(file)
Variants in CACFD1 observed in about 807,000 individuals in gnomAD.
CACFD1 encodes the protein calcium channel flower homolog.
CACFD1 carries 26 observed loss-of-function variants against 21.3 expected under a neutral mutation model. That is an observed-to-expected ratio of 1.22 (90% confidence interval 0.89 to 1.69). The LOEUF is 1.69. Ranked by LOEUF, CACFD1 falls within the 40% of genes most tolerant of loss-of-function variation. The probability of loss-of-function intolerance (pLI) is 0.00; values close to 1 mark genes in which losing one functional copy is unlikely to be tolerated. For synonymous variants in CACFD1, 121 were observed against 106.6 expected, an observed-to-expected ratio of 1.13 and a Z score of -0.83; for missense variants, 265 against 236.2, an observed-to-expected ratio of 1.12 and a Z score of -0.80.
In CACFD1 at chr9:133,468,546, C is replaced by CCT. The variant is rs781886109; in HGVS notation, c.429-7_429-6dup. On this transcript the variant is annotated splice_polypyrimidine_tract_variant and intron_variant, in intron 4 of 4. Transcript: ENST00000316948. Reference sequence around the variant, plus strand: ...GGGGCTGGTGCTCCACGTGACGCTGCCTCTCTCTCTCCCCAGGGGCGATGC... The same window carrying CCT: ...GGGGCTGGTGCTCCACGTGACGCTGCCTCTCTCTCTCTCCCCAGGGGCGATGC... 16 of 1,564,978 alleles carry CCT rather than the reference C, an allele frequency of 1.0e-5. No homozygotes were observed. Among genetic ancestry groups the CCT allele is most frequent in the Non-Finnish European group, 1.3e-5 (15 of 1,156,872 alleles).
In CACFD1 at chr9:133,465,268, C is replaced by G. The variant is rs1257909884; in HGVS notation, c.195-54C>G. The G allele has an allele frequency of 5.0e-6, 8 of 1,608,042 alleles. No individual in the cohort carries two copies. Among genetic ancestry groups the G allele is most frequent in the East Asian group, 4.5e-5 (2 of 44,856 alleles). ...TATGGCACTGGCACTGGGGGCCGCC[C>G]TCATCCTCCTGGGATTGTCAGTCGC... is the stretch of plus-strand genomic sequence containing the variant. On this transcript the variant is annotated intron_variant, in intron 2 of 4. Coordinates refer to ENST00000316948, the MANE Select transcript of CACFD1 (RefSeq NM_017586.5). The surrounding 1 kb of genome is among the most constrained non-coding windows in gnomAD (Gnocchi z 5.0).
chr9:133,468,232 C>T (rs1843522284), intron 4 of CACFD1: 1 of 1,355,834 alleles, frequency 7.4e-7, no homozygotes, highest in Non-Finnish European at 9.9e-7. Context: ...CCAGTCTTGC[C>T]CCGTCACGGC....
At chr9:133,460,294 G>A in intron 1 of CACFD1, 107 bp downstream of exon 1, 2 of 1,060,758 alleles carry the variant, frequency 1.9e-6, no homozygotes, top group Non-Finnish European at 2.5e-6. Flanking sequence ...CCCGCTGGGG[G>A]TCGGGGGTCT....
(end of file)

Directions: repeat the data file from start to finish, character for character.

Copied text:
Variants in CACFD1 observed in about 807,000 individuals in gnomAD.
CACFD1 encodes the protein calcium channel flower homolog.
CACFD1 carries 26 observed loss-of-function variants against 21.3 expected under a neutral mutation model. That is an observed-to-expected ratio of 1.22 (90% confidence interval 0.89 to 1.69). The LOEUF is 1.69. Ranked by LOEUF, CACFD1 falls within the 40% of genes most tolerant of loss-of-function variation. The probability of loss-of-function intolerance (pLI) is 0.00; values close to 1 mark genes in which losing one functional copy is unlikely to be tolerated. For synonymous variants in CACFD1, 121 were observed against 106.6 expected, an observed-to-expected ratio of 1.13 and a Z score of -0.83; for missense variants, 265 against 236.2, an observed-to-expected ratio of 1.12 and a Z score of -0.80.
In CACFD1 at chr9:133,468,546, C is replaced by CCT. The variant is rs781886109; in HGVS notation, c.429-7_429-6dup. On this transcript the variant is annotated splice_polypyrimidine_tract_variant and intron_variant, in intron 4 of 4. Transcript: ENST00000316948. Reference sequence around the variant, plus strand: ...GGGGCTGGTGCTCCACGTGACGCTGCCTCTCTCTCTCCCCAGGGGCGATGC... The same window carrying CCT: ...GGGGCTGGTGCTCCACGTGACGCTGCCTCTCTCTCTCTCCCCAGGGGCGATGC... 16 of 1,564,978 alleles carry CCT rather than the reference C, an allele frequency of 1.0e-5. No homozygotes were observed. Among genetic ancestry groups the CCT allele is most frequent in the Non-Finnish European group, 1.3e-5 (15 of 1,156,872 alleles).
In CACFD1 at chr9:133,465,268, C is replaced by G. The variant is rs1257909884; in HGVS notation, c.195-54C>G. The G allele has an allele frequency of 5.0e-6, 8 of 1,608,042 alleles. No individual in the cohort carries two copies. Among genetic ancestry groups the G allele is most frequent in the East Asian group, 4.5e-5 (2 of 44,856 alleles). ...TATGGCACTGGCACTGGGGGCCGCC[C>G]TCATCCTCCTGGGATTGTCAGTCGC... is the stretch of plus-strand genomic sequence containing the variant. On this transcript the variant is annotated intron_variant, in intron 2 of 4. Coordinates refer to ENST00000316948, the MANE Select transcript of CACFD1 (RefSeq NM_017586.5). The surrounding 1 kb of genome is among the most constrained non-coding windows in gnomAD (Gnocchi z 5.0).
chr9:133,468,232 C>T (rs1843522284), intron 4 of CACFD1: 1 of 1,355,834 alleles, frequency 7.4e-7, no homozygotes, highest in Non-Finnish European at 9.9e-7. Context: ...CCAGTCTTGC[C>T]CCGTCACGGC....
At chr9:133,460,294 G>A in intron 1 of CACFD1, 107 bp downstream of exon 1, 2 of 1,060,758 alleles carry the variant, frequency 1.9e-6, no homozygotes, top group Non-Finnish European at 2.5e-6. Flanking sequence ...CCCGCTGGGG[G>A]TCGGGGGTCT....